BVI Legal Profession Act is finally enacted – Karen Gilbert
I can vividly remember being urgently flown out to the BVI just days after accepting a new role as a BVI lawyer. It was a two day trip, the aim of which was to get me admitted as a BVI lawyer before the imminent (or so it was thought) enactment of the Legal Profession Act. That was December 2006 and the controversial, much debated Legal Profession Act was finally enacted on 11 May 2015. We still await confirmation of the effective date so it is not quite law yet but we are closer than we have ever been to it.
The Legal Profession Act 2015 (the “LPA”) introduces various changes such as a new code of ethics to be followed by BVI lawyers and a requirement that any person practising BVI law in the BVI or outside the BVI holds a practising certificate. Save for a few anomalies which need to be addressed, the general premise of the legislation is good for the jurisdiction as it seeks to restrict people with little or no experience of the jurisdiction or no continuing link with the jurisdiction from providing BVI legal advice which can only raise the standard of the BVI advice provided globally.
The Roll of legal practitioners
The LPA has introduced a Roll of legal practitioners (the “Roll”) and any person whose name is not listed on the Roll will not be entitled to practise BVI law inside or outside the BVI. Although the names of all those persons currently admitted to practise as BVI lawyers will automatically be placed on the Roll, it will be more difficult to get listed on the Roll once the LPA is in force.
In addition to the Roll, the LPA has introduced a requirement for practising certificates which is new. Under the legislation, no person may practise BVI law inside or outside the BVI unless he holds a valid practising certificate. Such practising certificates will need to be renewed annually and any legal practitioner who practises BVI law without one risks being struck off the Roll.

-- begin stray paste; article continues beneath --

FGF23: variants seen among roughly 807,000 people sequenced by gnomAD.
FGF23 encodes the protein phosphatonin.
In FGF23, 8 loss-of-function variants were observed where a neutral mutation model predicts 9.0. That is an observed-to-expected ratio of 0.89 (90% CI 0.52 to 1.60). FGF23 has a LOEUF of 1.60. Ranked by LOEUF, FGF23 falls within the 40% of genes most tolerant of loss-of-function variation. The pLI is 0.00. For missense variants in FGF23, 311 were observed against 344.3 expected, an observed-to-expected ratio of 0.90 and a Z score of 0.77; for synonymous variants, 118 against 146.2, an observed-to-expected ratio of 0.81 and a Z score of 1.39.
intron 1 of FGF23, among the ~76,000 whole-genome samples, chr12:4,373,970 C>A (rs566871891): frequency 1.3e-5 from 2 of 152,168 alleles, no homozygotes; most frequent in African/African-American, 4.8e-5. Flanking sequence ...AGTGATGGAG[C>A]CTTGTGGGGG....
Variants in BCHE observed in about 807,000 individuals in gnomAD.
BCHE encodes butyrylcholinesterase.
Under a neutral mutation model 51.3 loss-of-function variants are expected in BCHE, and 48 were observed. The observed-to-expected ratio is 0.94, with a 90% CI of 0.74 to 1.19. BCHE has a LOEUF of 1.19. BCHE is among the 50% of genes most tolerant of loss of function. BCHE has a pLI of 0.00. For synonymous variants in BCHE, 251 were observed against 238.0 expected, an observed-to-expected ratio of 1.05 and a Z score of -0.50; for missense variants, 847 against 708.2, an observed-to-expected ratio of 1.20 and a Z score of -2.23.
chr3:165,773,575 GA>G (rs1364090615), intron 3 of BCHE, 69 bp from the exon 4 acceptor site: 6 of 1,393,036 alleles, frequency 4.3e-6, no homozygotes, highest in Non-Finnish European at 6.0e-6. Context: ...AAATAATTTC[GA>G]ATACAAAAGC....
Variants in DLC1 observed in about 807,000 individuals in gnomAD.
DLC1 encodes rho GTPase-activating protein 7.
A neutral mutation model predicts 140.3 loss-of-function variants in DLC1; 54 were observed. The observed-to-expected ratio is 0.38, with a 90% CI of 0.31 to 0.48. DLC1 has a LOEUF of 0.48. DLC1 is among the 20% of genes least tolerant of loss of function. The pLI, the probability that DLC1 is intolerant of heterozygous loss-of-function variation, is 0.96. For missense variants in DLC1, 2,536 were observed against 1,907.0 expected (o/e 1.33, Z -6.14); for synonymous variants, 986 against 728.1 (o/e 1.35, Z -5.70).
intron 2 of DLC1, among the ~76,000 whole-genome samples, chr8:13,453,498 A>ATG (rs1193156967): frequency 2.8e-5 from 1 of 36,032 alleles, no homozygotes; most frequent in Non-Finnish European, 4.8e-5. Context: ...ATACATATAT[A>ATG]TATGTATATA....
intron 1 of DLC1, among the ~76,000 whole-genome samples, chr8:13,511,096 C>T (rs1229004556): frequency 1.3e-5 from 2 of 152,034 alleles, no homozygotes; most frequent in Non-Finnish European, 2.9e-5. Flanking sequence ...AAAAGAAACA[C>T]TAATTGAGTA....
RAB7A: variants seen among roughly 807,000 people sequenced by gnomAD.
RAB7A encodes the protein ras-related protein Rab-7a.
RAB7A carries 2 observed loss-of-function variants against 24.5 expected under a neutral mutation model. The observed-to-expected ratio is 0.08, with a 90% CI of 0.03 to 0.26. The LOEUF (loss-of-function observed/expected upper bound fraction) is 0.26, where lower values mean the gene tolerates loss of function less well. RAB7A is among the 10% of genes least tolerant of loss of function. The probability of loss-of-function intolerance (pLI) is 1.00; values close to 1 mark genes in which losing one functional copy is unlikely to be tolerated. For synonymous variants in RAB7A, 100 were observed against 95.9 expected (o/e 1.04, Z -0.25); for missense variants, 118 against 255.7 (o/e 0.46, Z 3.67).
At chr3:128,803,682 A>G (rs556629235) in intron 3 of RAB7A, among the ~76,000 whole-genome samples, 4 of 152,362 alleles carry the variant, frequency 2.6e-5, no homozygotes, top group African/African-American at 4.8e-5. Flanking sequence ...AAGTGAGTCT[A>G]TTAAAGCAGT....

Becoming admitted as a BVI legal practitioner
The LPA has introduced additional requirements to be met in order to get admitted and entitled to practise BVI law.
Minimum qualification period – 3-5 years
Until 1 January 2019, lawyers coming from the UK will need to have practised as a solicitor, barrister, advocate or attorney-at-law in the UK for at least three years before being eligible for admission in the BVI and from 1 January 2019 that three year practice period will increase to five years.
BVI residency requirement
Non BVI residents who are non belongers (for example, lawyers practising BVI law in the UK) will not be entitled to practise BVI law unless they are working in an overseas branch or affiliate of a law firm actually operating in the BVI.
Rights of audience before a Superior Court
Only solicitors with a right of audience before a Superior Court of record will be entitled to be admitted to practise BVI law. Although this is likely to cause some issues and will probably need to be amended, it most likely stems from the fact that there is no distinction between the rights of audience of barristers and solicitors in the BVI.
Much of the detail is yet to be ironed out by the underlying regulations which are still to be enacted. However, what is clear is that it will be more difficult for people to become admitted and entitled to practise BVI law and lawyers outside the BVI will only be entitled to practise BVI law if they work for a firm which has an office in the BVI. There will obviously be professional conduct and indemnity cover issues for those persons who disregard the new legislation.